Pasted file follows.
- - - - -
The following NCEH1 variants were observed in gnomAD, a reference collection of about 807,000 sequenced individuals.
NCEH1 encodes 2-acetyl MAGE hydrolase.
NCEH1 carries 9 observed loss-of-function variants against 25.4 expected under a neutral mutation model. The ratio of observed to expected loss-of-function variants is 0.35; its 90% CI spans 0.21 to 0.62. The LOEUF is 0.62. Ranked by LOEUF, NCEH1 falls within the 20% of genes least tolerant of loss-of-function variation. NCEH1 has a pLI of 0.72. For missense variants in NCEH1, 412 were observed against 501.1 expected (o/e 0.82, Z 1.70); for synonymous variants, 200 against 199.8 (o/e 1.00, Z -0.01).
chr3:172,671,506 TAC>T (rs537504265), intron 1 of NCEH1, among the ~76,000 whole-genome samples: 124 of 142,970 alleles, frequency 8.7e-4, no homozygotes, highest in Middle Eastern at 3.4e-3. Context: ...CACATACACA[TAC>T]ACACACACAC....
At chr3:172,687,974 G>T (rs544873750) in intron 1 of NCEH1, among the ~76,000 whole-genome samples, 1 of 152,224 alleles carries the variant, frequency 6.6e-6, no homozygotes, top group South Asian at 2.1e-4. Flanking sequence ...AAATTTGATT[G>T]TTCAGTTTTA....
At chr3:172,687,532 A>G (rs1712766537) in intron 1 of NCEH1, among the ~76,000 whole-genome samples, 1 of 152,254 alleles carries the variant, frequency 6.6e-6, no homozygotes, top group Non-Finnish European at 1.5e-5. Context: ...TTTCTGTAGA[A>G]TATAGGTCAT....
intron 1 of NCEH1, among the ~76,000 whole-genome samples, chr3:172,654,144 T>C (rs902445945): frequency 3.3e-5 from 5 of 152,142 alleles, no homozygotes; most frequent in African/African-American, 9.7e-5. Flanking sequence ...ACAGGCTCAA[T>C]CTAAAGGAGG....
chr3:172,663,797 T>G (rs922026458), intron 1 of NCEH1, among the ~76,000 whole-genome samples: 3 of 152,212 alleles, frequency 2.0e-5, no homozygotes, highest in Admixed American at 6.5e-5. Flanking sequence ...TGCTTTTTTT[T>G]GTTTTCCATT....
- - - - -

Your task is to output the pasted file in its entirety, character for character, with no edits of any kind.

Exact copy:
The following NCEH1 variants were observed in gnomAD, a reference collection of about 807,000 sequenced individuals.
NCEH1 encodes 2-acetyl MAGE hydrolase.
NCEH1 carries 9 observed loss-of-function variants against 25.4 expected under a neutral mutation model. The ratio of observed to expected loss-of-function variants is 0.35; its 90% CI spans 0.21 to 0.62. The LOEUF is 0.62. Ranked by LOEUF, NCEH1 falls within the 20% of genes least tolerant of loss-of-function variation. NCEH1 has a pLI of 0.72. For missense variants in NCEH1, 412 were observed against 501.1 expected (o/e 0.82, Z 1.70); for synonymous variants, 200 against 199.8 (o/e 1.00, Z -0.01).
chr3:172,671,506 TAC>T (rs537504265), intron 1 of NCEH1, among the ~76,000 whole-genome samples: 124 of 142,970 alleles, frequency 8.7e-4, no homozygotes, highest in Middle Eastern at 3.4e-3. Context: ...CACATACACA[TAC>T]ACACACACAC....
At chr3:172,687,974 G>T (rs544873750) in intron 1 of NCEH1, among the ~76,000 whole-genome samples, 1 of 152,224 alleles carries the variant, frequency 6.6e-6, no homozygotes, top group South Asian at 2.1e-4. Flanking sequence ...AAATTTGATT[G>T]TTCAGTTTTA....
At chr3:172,687,532 A>G (rs1712766537) in intron 1 of NCEH1, among the ~76,000 whole-genome samples, 1 of 152,254 alleles carries the variant, frequency 6.6e-6, no homozygotes, top group Non-Finnish European at 1.5e-5. Context: ...TTTCTGTAGA[A>G]TATAGGTCAT....
intron 1 of NCEH1, among the ~76,000 whole-genome samples, chr3:172,654,144 T>C (rs902445945): frequency 3.3e-5 from 5 of 152,142 alleles, no homozygotes; most frequent in African/African-American, 9.7e-5. Flanking sequence ...ACAGGCTCAA[T>C]CTAAAGGAGG....
chr3:172,663,797 T>G (rs922026458), intron 1 of NCEH1, among the ~76,000 whole-genome samples: 3 of 152,212 alleles, frequency 2.0e-5, no homozygotes, highest in Admixed American at 6.5e-5. Flanking sequence ...TGCTTTTTTT[T>G]GTTTTCCATT....